At an estimated cost of 1.03 billion dollars by the end of 2007, there have also been complaints that the ICTR is too expensive. Responding to such claims, ICTR spokesperson Tim Gallimore said: “The cost of the tribunal is within the range of what it costs for comparable international criminal legal proceedings.” Many also feel that far too few suspected perpetrators of crimes have been dealt with and that the process has dragged on for far too long. Only 72 suspects have so far been arrested. Of those, 28 have been tried, 24 convicted, and three acquitted.

“It is not physically possible, given the number of judges and courtrooms that we have, to hear any more cases,” said Gallimore. “The process is carefully supervised by elected judges from a wide variety of legal systems and countries. They do their best to ensure that the accused get fair trial rights and that the interests of justice are served for the grave crimes against humanity that were committed in Rwanda in 1994. To do all that, it takes a certain amount of time.

The ICTR has four courtrooms and 18 judges, robed in scarlet with black cravats. They hold hearings from 8 am to 6 pm Monday through Friday for 11 months each year. Gallimore said casual observers of the tribunal may not fully appreciate the complexity of each case and trial and the enormous amount of work that has been involved in completing 27 trials since the tribunal began work in 1997.

The Rwandan government has also been blamed for dragging out the process. The trial of the former commerce minister Justin Mugenzi – facing at least ten specific genocide charges as well as a charge of murder – could not proceed in May this year because the government failed to honour its undertaking to transfer Agnes Ntamabyariro, another former minister who is to be a defence witness for Mugenzi, to Arusha. Ntamabyariro is in custody in Rwanda for genocide crimes.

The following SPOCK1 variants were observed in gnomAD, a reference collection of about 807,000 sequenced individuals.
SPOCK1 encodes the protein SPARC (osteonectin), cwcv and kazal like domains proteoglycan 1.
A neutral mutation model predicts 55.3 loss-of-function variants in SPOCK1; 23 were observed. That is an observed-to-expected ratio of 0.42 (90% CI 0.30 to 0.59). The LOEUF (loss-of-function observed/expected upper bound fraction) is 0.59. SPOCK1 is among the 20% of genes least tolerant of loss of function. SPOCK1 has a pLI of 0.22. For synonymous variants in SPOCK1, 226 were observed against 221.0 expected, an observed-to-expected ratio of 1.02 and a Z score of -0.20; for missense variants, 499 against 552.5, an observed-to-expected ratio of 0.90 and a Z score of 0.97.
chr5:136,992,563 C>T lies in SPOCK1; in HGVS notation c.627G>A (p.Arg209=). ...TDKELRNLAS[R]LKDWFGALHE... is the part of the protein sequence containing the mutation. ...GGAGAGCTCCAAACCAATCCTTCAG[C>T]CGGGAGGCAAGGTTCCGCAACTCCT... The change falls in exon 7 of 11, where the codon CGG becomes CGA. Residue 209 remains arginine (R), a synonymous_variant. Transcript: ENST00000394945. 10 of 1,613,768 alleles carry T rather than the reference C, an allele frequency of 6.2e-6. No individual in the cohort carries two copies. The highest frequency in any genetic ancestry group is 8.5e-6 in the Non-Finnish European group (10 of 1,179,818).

“The Rwandan government is bullying us [the ICTR] and we are being too timid. It looks like we are making excuses for the Rwandan government,” Jonathan Kirk, co-counsel for Mugenzi, told the Hirondelle News Agency, a media organisation which reports on Rwandan affairs. A lawyer who has been with the ICTR for three years told IWPR that Rwanda’s lack of cooperation in the Mugenzi case is indicative of the country’s distrust and resentment of the tribunal. “The critics are right in condemning the process as too drawn out and costing too much,” she said. “But this tribunal is unquestionably laying the groundwork for future criminal cases not only with regard to war criminals but also other criminal cases.”

Meanwhile, a senior official at the ICTR, who also asked not to be named, said that international justice does not come cheap, “especially if you want to avoid the trap of victor’s justice”. But some accuse the ICTR of doing just that – mirroring the Nuremberg tribunal. So far only defeated Hutus have been tried. There are those who want to see closer scrutiny and the indictment of some members of President Kagame’s RPF, which now rules the country with an iron fist. When the then rebel RPF movement invaded Rwanda from its exiled bases in Uganda and ousted the Hutu government from power, some of its members are alleged to have committed atrocious crimes in the process of putting an end to the genocide. There have been calls for these alleged perpetrators, some of whom are in government, to be brought to justice.

Gallimore denied the claim the ICTR is favouring one side over the other. “The tribunal does not indict and try individuals based on their ethnicity or any other personal criteria,” he said. “Our mandate is to bring to justice those most responsible for the 1994 genocide in Rwanda. Where there is credible evidence that individuals committed crimes within the jurisdiction of the tribunal, the prosecutor makes a determination about indictment and trial of such individuals, regardless of their ethnicity.”